"Concrete, Whiskers and Goo"

new sculpture by:

Megan Cronin

Megan Goltermann

Donna Veverka

May 3 - May 27, 2000

Opening Reception: May 5, 8-10 pm

The Gallery @ Green Street presents new work by three emerging sculptors from Jamaica Plain. The seductive, elegant and repulsive coexist in an exhibit where nothing is what it seems; bone is carved out of soap, succulent fruit is made from droplets of glue, and sand castles are cast in concrete. While the subjects may be architectural, anatomical and botanical - the transformation of materials drives the associations and contradictions of each artist's work. These talented young artists get under the skin of the superficial with a hard look at the structures that underlie issues of beauty, power and seduction.

Donna Veverka casts solid concrete architectural icons to explore how height relates to social status in ancient feudal towers and modern luxury skyscrapers. In other work Veverka overturns private, cloistered interior spaces to create open, geometric volumes that define the boundry between structural and ornamental form. Working on a "shoe box" scale eliminates the awesome physical presence of these buildings reversing the traditional relationships, allowing the viewer to tower over the manipulated architecture.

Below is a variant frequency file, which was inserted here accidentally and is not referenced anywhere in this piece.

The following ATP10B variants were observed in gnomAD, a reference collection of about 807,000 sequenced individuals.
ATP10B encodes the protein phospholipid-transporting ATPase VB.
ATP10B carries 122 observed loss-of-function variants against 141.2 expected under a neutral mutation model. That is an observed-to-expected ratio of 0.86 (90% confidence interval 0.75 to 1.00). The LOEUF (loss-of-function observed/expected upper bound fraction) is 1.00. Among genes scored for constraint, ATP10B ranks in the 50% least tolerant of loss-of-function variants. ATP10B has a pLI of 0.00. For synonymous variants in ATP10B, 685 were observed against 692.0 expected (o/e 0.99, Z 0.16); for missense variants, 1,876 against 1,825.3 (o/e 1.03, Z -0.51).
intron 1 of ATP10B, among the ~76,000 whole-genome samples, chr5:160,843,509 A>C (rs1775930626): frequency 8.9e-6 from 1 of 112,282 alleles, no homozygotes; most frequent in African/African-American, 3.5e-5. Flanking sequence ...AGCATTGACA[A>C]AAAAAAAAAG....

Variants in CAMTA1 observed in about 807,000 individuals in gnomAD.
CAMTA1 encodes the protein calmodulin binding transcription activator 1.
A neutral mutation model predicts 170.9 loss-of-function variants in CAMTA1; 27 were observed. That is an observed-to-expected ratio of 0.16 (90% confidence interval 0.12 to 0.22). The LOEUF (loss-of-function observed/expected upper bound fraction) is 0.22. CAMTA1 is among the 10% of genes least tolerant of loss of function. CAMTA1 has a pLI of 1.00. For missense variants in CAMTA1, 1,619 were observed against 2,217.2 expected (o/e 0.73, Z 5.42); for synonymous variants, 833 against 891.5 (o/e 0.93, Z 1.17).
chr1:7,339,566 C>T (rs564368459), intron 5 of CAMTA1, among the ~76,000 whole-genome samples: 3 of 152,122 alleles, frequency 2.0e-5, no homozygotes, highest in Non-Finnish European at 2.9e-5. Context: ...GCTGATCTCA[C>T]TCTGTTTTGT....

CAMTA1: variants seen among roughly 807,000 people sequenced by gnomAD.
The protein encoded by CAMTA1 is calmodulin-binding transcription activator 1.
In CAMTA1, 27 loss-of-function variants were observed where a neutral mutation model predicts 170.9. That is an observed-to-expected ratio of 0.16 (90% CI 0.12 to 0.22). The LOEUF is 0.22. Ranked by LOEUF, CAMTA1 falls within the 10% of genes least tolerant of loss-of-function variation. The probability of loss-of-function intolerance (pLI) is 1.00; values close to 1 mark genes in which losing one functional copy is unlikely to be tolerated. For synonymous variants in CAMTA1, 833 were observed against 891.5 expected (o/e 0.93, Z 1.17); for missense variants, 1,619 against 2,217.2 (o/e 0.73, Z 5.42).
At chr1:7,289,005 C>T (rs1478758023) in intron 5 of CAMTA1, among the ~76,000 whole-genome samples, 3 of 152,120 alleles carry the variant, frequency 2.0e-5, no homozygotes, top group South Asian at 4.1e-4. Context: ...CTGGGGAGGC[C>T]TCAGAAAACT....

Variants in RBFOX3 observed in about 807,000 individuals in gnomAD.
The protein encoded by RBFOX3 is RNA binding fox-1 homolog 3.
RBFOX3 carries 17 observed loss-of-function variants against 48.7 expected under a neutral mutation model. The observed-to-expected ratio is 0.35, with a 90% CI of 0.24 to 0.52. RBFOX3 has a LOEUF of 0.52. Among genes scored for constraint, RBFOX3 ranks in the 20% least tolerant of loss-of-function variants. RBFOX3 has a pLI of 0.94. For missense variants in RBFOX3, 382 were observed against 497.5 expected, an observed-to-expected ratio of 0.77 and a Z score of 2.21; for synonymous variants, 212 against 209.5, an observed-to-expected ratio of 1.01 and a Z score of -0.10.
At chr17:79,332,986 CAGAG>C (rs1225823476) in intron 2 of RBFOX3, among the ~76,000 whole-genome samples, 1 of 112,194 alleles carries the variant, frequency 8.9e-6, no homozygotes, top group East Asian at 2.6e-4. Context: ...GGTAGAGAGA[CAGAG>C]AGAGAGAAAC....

Megan Goltermann presents the "imperfections" of our bodies as discreet sculptures, which hover curiously between plant and animal. Folds and bumps are polished and titillated by sensitive whiskers that feel the slightest touch. Unsightly hairs, fleshy bulges and egg-like forms "maintain an ambiguity [that] can avoid the allocations of identification" for Goltermann. These "...derivatives of the exterior body" result from the complete transformation of a material like soap or plaster into familiar yet haunting surfaces that look and feel like skin or bone. Other work plays on our peculiar relationship to our own hair - a poingnant example of beauty's complexities.

Megan Cronin uses materials like metal, rubber and glue to make objects that tempt us with seductive surfaces that are irresistible and off-limits, creating natural textures out of meticulously disguised synthetic substances. Translucent color and surfaces that glisten like caviar or freshly-washed fruit remain elusive and raw, alive with the potential to stain, sting, quench or poison. Quirky contradictions, humor and investigative insight abounds in this exhibit - there are many assumptions questioned and a few important questions left unanswered...and that is what draws us back for a second look.

- James Hull

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